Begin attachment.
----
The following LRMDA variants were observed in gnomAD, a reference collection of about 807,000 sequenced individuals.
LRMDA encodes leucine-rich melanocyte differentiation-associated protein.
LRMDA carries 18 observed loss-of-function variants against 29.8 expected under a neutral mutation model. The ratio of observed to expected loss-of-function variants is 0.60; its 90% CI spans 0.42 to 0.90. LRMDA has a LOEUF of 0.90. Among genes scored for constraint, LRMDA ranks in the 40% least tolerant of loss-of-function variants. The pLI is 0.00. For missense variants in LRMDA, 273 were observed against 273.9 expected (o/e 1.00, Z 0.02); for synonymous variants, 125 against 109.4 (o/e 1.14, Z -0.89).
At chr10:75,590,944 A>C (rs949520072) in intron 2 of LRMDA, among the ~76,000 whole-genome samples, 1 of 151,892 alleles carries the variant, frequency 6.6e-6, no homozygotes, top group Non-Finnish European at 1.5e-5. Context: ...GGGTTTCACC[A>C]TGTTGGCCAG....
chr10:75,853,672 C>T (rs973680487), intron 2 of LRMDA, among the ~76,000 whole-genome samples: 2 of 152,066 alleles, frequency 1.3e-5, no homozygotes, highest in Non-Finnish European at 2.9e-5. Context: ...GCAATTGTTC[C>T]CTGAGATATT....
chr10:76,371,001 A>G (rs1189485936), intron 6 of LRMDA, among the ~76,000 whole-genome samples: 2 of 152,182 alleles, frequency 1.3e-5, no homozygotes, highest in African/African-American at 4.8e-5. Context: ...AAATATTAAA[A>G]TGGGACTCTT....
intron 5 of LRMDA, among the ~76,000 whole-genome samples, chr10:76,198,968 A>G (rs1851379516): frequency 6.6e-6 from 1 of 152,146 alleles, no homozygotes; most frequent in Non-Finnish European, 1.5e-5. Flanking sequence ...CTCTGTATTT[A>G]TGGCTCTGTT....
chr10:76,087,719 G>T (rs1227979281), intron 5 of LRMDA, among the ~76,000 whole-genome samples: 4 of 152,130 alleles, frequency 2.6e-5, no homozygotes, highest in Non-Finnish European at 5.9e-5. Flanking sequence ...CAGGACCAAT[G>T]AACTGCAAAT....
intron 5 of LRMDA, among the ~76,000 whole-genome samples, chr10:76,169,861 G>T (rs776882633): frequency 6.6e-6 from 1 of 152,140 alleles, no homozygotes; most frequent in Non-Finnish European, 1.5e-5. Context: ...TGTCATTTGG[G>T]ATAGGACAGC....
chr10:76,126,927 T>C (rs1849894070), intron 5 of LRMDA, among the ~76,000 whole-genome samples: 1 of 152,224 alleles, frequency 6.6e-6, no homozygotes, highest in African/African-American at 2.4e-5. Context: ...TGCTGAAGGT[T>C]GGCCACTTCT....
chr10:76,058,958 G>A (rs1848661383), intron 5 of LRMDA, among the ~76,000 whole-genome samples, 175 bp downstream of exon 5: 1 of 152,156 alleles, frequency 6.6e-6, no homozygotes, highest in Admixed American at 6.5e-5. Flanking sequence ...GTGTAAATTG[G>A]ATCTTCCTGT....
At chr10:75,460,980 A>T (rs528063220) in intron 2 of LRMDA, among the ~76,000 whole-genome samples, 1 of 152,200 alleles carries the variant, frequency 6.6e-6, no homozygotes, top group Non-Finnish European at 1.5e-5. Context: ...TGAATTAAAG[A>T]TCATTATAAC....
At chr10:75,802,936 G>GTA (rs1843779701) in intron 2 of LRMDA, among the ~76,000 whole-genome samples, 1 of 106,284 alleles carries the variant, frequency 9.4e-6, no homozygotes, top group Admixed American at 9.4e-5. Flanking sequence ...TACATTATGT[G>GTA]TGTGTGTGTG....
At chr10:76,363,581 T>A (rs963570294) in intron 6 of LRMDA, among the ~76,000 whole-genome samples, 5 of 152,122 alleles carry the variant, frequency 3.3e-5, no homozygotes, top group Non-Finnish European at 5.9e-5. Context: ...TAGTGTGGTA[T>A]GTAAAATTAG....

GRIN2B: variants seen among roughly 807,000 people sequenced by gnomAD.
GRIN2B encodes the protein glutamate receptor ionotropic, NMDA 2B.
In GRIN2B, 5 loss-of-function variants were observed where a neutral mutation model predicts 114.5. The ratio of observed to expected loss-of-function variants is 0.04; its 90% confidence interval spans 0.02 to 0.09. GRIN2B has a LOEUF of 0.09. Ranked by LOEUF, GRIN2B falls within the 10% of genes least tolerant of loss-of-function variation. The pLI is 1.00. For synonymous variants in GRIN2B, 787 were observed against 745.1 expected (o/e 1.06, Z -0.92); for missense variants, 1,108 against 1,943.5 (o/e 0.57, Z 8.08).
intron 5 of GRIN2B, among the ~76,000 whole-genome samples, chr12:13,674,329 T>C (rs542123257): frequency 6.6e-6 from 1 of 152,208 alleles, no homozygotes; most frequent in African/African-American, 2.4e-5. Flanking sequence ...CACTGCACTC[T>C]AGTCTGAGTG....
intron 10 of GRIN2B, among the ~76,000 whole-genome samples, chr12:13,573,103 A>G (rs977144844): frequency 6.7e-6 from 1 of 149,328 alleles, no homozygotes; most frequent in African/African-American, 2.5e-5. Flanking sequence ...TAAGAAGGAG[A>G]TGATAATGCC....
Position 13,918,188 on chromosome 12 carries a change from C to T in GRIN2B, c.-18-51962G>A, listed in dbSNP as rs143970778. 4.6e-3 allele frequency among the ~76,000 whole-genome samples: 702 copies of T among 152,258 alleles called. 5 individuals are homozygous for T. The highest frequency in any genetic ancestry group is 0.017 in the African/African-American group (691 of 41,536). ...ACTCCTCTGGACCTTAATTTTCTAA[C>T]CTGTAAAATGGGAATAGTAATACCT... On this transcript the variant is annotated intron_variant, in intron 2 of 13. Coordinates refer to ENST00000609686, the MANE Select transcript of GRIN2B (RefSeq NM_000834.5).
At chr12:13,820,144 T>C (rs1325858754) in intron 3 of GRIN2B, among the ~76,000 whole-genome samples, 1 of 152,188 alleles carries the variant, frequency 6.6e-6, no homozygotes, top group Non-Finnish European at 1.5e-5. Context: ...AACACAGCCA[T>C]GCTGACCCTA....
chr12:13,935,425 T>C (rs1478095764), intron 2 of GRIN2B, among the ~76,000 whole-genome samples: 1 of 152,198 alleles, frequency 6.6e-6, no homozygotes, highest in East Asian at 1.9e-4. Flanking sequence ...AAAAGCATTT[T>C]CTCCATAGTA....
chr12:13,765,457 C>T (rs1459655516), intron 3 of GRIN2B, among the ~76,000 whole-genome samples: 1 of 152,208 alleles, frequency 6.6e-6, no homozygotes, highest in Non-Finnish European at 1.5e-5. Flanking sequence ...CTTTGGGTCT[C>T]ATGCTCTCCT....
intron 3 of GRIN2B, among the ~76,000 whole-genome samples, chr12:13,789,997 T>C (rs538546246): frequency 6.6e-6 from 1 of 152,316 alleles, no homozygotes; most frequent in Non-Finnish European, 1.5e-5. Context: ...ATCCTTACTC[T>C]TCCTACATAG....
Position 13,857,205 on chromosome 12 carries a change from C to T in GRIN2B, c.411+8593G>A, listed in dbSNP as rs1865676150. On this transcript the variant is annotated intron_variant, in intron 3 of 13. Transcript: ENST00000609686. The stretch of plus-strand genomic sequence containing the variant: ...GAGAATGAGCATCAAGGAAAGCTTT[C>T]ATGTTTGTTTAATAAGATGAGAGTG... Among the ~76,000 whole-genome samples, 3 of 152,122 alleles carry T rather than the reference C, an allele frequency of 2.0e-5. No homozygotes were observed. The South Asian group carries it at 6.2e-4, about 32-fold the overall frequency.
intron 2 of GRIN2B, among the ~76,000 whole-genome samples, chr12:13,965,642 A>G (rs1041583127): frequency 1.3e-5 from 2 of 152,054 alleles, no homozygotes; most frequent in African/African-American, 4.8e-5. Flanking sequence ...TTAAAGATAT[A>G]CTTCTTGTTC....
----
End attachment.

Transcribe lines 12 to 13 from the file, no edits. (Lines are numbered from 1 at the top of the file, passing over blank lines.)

At chr10:75,460,980 A>T (rs528063220) in intron 2 of LRMDA, among the ~76,000 whole-genome samples, 1 of 152,200 alleles carries the variant, frequency 6.6e-6, no homozygotes, top group Non-Finnish European at 1.5e-5. Context: ...TGAATTAAAG[A>T]TCATTATAAC....
At chr10:75,802,936 G>GTA (rs1843779701) in intron 2 of LRMDA, among the ~76,000 whole-genome samples, 1 of 106,284 alleles carries the variant, frequency 9.4e-6, no homozygotes, top group Admixed American at 9.4e-5. Flanking sequence ...TACATTATGT[G>GTA]TGTGTGTGTG....